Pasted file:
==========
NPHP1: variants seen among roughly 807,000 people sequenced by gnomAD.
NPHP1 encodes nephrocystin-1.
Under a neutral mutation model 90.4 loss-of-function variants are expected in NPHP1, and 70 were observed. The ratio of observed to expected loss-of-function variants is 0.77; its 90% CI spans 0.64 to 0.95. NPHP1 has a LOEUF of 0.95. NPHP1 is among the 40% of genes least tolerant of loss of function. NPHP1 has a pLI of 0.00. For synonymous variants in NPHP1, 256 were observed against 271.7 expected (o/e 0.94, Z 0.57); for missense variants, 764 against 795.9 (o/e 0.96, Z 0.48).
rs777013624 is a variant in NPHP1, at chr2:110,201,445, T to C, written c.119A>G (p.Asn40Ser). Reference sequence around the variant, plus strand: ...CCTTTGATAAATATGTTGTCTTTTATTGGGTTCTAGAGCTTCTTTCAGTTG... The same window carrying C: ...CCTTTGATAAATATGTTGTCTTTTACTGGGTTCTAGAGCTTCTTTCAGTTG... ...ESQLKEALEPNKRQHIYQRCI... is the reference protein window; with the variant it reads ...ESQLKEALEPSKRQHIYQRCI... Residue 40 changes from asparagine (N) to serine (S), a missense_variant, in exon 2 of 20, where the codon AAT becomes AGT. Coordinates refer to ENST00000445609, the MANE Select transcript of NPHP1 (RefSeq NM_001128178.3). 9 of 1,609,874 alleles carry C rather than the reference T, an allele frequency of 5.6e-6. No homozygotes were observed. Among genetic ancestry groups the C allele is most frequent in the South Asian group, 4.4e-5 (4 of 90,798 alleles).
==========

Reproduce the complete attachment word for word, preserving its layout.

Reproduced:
NPHP1: variants seen among roughly 807,000 people sequenced by gnomAD.
NPHP1 encodes nephrocystin-1.
Under a neutral mutation model 90.4 loss-of-function variants are expected in NPHP1, and 70 were observed. The ratio of observed to expected loss-of-function variants is 0.77; its 90% CI spans 0.64 to 0.95. NPHP1 has a LOEUF of 0.95. NPHP1 is among the 40% of genes least tolerant of loss of function. NPHP1 has a pLI of 0.00. For synonymous variants in NPHP1, 256 were observed against 271.7 expected (o/e 0.94, Z 0.57); for missense variants, 764 against 795.9 (o/e 0.96, Z 0.48).
rs777013624 is a variant in NPHP1, at chr2:110,201,445, T to C, written c.119A>G (p.Asn40Ser). Reference sequence around the variant, plus strand: ...CCTTTGATAAATATGTTGTCTTTTATTGGGTTCTAGAGCTTCTTTCAGTTG... The same window carrying C: ...CCTTTGATAAATATGTTGTCTTTTACTGGGTTCTAGAGCTTCTTTCAGTTG... ...ESQLKEALEPNKRQHIYQRCI... is the reference protein window; with the variant it reads ...ESQLKEALEPSKRQHIYQRCI... Residue 40 changes from asparagine (N) to serine (S), a missense_variant, in exon 2 of 20, where the codon AAT becomes AGT. Coordinates refer to ENST00000445609, the MANE Select transcript of NPHP1 (RefSeq NM_001128178.3). 9 of 1,609,874 alleles carry C rather than the reference T, an allele frequency of 5.6e-6. No homozygotes were observed. Among genetic ancestry groups the C allele is most frequent in the South Asian group, 4.4e-5 (4 of 90,798 alleles).